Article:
When beginning in robotic thoracic surgery, we do not advocate attempting to complete the entire procedure robotically, especially complex surgeries such as lobectomy. Each operation has a sequence of steps of increasing difficulty and the surgery can easily be divided into these steps. The surgeon should focus on completing the procedure in a step wise fashion, by performing and completing the more basic parts of the procedure before advancing onto more difficult parts. Each thoracic procedure can be given a level, as shown in Table 1. Surgeons should start with Level I operations before advancing to higher level operations.
Using a lobectomy as an example, Cerfolio et al., lays a sequence for surgeons to learn how to perform a robotic lobectomy. On the first lobectomy, the surgeon may only place trocars, dock the robot, and perform a mediastinal lymphadenectomy. At this point, the surgeon electively converts to VATS or open techniques for the pulmonary resection. With each operation, the surgeon builds on his or her previous experience by not only completing the same steps robotically, but doing more steps with the robot.
In their experience, the steps that will be done robotically should be determined prior to the operation. In doing so, the operating room (OR) team understands what is going to be done, so that they can be prepared and so they do not lose confidence in the transition to robotics. The importance of the team being a part of the surgery is crucial to good outcomes, shorter operative times, and the success of the robotics program.
Surgeons teaching robotics
When teaching robotic thoracic surgery, a step-wise progression can be used no matter what the level of experience of the trainee. The key difference is that trained surgeon can finish the operation robotically without going to VATS or open. This allows the trainee to see what needs to be done. With more training and attempts, the trainee can attempt to perform more of the operation.
As with any operation, the “set-up” of an operation is crucial to completing the operation. That specifically includes port positioning and retraction of structures. Emphasizing “set-up” will allow for the trainee to more able to be successful sooner in his or her experience. Additionally, using the dual consoles lets the teacher to see exactly how the trainee uses the console which is critical to being able to reduce the trainee’s operative times. The training surgeon can really expedite the progress of the trainee by doing this.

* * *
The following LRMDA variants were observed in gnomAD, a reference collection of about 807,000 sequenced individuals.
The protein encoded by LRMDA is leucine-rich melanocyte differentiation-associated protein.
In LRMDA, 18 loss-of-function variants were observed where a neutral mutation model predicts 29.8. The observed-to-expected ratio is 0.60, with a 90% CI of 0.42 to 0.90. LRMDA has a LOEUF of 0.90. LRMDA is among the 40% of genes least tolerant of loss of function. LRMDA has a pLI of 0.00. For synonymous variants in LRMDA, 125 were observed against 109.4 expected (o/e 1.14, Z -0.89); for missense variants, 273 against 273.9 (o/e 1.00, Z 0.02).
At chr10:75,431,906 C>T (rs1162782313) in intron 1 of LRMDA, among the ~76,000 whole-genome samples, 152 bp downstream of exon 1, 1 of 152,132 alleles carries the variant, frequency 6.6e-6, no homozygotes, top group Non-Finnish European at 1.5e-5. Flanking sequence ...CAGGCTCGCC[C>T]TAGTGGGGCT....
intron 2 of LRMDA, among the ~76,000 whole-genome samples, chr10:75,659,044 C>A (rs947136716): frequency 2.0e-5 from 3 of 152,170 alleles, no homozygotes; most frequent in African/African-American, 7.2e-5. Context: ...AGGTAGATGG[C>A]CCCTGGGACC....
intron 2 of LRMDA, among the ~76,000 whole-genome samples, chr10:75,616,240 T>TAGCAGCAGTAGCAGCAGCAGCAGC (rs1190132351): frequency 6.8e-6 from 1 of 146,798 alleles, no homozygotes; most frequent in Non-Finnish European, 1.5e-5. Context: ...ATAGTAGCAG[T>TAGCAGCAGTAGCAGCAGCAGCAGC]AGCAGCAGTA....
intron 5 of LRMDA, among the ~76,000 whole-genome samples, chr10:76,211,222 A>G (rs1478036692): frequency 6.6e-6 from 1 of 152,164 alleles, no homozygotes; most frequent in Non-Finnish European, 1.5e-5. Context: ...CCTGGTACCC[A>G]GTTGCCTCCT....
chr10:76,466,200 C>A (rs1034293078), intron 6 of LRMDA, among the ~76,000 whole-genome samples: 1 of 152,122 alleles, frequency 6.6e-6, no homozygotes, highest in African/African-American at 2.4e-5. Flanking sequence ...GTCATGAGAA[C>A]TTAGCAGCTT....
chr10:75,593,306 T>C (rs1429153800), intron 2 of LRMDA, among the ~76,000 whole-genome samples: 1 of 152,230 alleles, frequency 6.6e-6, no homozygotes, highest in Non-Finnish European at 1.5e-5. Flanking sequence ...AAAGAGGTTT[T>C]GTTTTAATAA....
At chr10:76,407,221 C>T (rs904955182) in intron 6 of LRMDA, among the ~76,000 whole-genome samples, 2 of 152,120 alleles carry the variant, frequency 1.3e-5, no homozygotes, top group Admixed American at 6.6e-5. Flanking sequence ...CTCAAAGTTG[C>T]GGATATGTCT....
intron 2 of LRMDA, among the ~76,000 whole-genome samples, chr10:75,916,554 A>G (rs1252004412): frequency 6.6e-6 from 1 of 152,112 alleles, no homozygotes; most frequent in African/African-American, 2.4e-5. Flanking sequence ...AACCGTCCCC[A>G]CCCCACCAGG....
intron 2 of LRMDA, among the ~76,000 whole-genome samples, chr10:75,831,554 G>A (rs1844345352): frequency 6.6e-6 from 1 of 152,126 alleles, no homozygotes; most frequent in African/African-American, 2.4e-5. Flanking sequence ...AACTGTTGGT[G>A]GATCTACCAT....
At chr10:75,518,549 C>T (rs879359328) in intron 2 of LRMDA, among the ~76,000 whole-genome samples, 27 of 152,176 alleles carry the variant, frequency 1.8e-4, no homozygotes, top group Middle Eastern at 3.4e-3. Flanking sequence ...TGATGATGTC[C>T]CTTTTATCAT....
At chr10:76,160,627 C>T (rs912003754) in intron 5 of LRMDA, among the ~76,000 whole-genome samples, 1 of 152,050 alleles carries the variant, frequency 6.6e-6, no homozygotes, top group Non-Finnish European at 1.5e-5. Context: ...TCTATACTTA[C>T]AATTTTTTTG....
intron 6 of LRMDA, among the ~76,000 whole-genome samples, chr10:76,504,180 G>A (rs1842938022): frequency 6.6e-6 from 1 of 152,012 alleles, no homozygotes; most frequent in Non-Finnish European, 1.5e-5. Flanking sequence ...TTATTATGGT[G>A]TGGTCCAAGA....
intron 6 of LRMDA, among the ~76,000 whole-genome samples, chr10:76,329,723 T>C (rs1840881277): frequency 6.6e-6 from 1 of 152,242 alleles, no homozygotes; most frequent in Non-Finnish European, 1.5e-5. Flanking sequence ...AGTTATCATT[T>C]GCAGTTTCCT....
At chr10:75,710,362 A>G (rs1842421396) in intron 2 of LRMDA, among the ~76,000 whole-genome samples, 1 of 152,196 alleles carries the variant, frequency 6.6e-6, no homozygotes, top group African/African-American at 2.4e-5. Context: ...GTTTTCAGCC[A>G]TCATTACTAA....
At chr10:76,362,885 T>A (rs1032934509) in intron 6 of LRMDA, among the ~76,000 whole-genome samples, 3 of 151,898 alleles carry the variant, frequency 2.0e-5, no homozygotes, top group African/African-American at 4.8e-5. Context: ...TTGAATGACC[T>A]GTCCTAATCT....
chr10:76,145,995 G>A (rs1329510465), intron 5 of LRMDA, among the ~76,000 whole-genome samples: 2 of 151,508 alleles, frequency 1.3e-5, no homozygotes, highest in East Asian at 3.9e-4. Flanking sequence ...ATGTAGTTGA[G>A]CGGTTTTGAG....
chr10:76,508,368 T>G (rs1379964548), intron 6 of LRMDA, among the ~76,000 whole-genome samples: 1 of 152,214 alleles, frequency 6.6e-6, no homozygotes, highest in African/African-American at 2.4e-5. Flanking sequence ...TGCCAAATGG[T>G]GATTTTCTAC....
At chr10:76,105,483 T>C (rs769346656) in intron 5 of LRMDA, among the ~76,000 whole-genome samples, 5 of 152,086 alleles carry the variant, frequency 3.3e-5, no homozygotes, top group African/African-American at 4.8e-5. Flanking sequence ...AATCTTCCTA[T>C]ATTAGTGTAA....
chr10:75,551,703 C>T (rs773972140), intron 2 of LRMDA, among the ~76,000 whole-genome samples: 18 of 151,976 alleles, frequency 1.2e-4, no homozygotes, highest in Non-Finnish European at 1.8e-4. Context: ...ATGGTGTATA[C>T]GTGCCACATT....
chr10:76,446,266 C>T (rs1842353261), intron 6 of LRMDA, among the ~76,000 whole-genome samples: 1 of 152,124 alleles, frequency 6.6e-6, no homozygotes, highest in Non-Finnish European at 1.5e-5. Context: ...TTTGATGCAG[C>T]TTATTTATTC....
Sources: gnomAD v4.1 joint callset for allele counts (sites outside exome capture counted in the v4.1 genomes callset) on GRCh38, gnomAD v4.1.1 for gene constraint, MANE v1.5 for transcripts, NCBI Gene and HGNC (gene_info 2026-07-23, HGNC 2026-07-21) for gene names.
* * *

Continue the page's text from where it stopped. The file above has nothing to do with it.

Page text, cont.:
Established surgeons learning robotics
As with any new technology, the question is raised about how many procedures are needed to be performed to be proficient when switching technology. Different studies report different results. Across the literature, the number seems to be around 20 cases (5-9). Lee et al. reported that in their initial robotic lobectomy experience that they found no difference in operative times when performing lower lobectomies when compared to mature VATS surgeons, but that there was a difference in the operative times for upper lobectomy (10). They felt that the learning curve was 17 cases, which is consistent with most of the other studies in the literature.
Jang et al. cite the lowest learning curve at 6 cases (11). In their study, they compared their initial robotic lobectomies to their initial VATS and current VATS outcomes. They found their robotic experience superior to both the initial and current VATS experience. They reported no conversions to open thoracotomy, but conversion rates were 8% (3) and 5% (2) in their early and late VATS patients, respectively. The operative time for the robotic group was slightly shorter than their initial VATS lobectomy groups (240±62 vs. 257±57 minutes) However, it was longer than the more current VATS lobectomies performed (161±39 minutes). Of note, the postoperative complications rate for their robotic experience was lower than that from their early VATS experience and equivalent to their most recent VATS group (n=4, 10%; n=13, 32.5%; n=7, 17.5%, respectively). In regards to bleeding, the robotic group was more than 155 mL less than the initial VATS group (219 vs. 374 mL, P=0.017). In their study, postoperative stay was reduced in the robotic group compared to their VATS group (6 vs. 9 days, P<0.001).
Most of the literature focuses on converting a practice from VATS to robotics. However, there are some studies to suggest that robotics may be an easier transition from open surgery than to convert to VATS first. One study reported the learning curve for VATS was 30 cases for safety and 90 for efficiency (12). One paper even expanded that number to 100–200 for safety and efficiency and more for excellence (13). Overall, most agree the number is 30 or more, or 6 to 12 months of experience (14-16).